Myriam Gourfink has fascinated the French choreographic landscape for the past 10 years. Only recently, her rigorous yet challenging works have reached critical and public acclaim. Her pieces now tour the world and the choreographic composition software she invented, LOL, proves new movements are possible.
Dancehouse has invited Myriam in June this year. We chose two reputed dance critics to introduce her to the Australian audiences.
Dance involves bodies. Yes, but more than that… It involves bodies at work, committed, thoughtful bodies, bodies that are aware of the time/space continuum that they render visible, or at least perceptible. This is the case for every genuine expression of choreographic creativity: if the body is at work, it must be driven by an intention, a thought, a goal, carried by currents that are not necessarily linear, and where there is often conflict between techniques for control and the desire for unrestrained expression.
Focusing on this conflict, intrinsic to every physical body in a state of dance, Myriam Gourfink has created a field of resonances. Rarely has a choreographer ventured so far in her simultaneous exploration of the organicity of movement and “constraining scripts”. From her first solos (Beith, in 1996, and Waw, in 1997) to her forthcoming productions of Bestiole and Une lente mastication, the vibratory line of a determinedly innovative dance has produced a portfolio that is already significant, numbering around twenty dance productions. But beyond this body of work that has continually expanded and forged a performance model distinct from ambient styles, Myriam Gourfink has used a wholly arborescent kinesthesia, which has become the very heartbeat of her choreographic research. By slowing time-spans, giving space to the echo of “micro-movements”, and honing perceptions inspired by the disciplined practice of yoga, she has forged a unique, poetical expression of presence.
Simultaneously, the need to write dance scores has led her down the road to scripts inspired by Labanotation, most often used a posteriori to refine her choreographic vocabulary, rather than to inspire composition. The use of computer software or motion captors does not function as prosthetics that would program an enhanced body: these techniques, serving a choreographic concept, are there to accompany the introduction of threshold enhancement. If dance produces a flash (apparent or real) at the same time as a tremor, its magnitude can only be measured, or felt, in the passageways that it opens in the boundaries of our perception. Which no doubt explains the recurrent theme of the visible perception that dance awakens. In other words : what does dance (and in particular Myriam Gourfink’s dance) invite us to see, beyond what is merely recognizable?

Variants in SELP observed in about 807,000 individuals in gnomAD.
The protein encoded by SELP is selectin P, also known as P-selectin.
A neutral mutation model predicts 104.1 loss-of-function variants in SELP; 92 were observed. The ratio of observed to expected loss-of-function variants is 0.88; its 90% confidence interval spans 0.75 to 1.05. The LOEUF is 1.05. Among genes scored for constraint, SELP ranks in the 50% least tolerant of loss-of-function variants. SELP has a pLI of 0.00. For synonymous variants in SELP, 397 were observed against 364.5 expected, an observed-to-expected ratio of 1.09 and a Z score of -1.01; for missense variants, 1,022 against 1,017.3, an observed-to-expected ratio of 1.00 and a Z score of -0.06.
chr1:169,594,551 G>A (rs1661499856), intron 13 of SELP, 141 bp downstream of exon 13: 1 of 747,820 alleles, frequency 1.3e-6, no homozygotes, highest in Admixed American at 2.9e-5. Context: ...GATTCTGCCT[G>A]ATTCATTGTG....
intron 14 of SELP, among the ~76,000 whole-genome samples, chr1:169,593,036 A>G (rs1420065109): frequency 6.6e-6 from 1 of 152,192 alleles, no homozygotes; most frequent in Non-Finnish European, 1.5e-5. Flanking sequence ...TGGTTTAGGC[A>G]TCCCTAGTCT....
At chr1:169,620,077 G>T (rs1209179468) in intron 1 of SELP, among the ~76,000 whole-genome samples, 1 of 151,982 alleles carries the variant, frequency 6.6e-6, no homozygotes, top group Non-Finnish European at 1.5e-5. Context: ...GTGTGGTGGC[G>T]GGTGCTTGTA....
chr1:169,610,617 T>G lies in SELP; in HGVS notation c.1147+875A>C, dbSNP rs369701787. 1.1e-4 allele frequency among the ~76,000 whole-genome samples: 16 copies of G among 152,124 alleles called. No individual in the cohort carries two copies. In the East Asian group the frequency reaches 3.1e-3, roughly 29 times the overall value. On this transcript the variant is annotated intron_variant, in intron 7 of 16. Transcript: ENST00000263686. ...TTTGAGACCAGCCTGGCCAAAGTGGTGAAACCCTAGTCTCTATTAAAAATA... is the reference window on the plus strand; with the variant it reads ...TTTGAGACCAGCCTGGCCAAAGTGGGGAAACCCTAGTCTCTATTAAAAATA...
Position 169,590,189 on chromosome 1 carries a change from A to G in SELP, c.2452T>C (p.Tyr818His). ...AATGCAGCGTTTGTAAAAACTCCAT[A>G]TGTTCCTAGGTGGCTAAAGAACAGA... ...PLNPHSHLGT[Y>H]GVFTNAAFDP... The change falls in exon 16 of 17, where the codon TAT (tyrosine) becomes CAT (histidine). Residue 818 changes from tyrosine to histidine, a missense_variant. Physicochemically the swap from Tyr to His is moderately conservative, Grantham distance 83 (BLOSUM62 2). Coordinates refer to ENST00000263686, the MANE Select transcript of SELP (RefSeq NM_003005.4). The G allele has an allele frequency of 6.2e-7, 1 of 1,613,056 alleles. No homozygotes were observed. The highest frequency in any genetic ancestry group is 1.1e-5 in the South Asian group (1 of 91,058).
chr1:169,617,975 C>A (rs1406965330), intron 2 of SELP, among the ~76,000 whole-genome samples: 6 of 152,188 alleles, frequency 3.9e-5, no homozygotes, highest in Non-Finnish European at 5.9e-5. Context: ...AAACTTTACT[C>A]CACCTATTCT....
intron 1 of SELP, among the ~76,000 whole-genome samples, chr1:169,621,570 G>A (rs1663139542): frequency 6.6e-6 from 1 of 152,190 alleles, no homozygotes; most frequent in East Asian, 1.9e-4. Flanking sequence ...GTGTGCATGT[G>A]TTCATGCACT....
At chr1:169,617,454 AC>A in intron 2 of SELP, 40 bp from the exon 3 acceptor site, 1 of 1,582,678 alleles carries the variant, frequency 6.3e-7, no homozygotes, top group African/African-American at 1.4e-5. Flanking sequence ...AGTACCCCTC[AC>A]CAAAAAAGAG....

In-View In Perspective
Myriam Gourfink’s dances are only ever performed slowly. Her one-hour productions hardly develop more than a single, infinite expression. For others, two or three minutes would be enough. And moreover, her productions are all the same. We’ve just stretched the point, imagining what an uninformed spectator, at least one unreceptive to Myriam Gourfink’s art, might have to say in the first instance.
The essence that would be captured by observation only skim the surface. However, for nearly fifteen years now, her determined research has explored a world whose limits seem to extend each time we believe we have reached them. This quest is endless, which goes beyond the veil of token appearance and is forever reinvented. Breathtaking, she inhales. With Myriam Gourfink, timescales are indefinably plastic, multi-dimensional and multi-directional, nourished in complete porosity by the vibrations of a body that flows across them by reflecting and projecting its own perceptions. This has to be understood as respiratory, reversible and fleeting, neverending. It is minimal. But not minimalist. Because it is infinitely enriched with activated, diversified and well-constructed data. From where does Myriam Gourfink’s expression originate? From a flow of deep internal respiration. This flow is intensely laden with multiple imaginative particles whose perceptive function itself is a source of supply. The well-developed practice of Tibetan energy yoga, several hours a day, enables her to master the most subtle nuances of the “female force centre”, via contractions and relaxation of the genital organs and related respiratory connections in circulatory flux.
The composition software, LOL, produced in collaboration with musician Kasper T. Toeplitz and dancer-choreographer Laurence Marthouret enables her to create a time-space context that is flexible, composite and reversible. This choice of technology uses the dance score as a context for spontaneous invention without relegating it to a conservative role of posterior scripting. The composition is performed in real time, according to the open structures which are drawn from the speculative, auto-reflexive and auto-fictional dimensions generated at the core of the perceptive function itself. Myriam Gourfink’s dance seeks expression within liaisons that are not invisible in nature, but which are deliberately derived from the in-view perspective – that which is not seen but could be seen, in which the art form can operate by liberating the unleashed potential of forbidden evidence.
Texts published in MOVEMENT #62, special edition on Myrial Gourfink , jan-march 2012. www.mouvement.net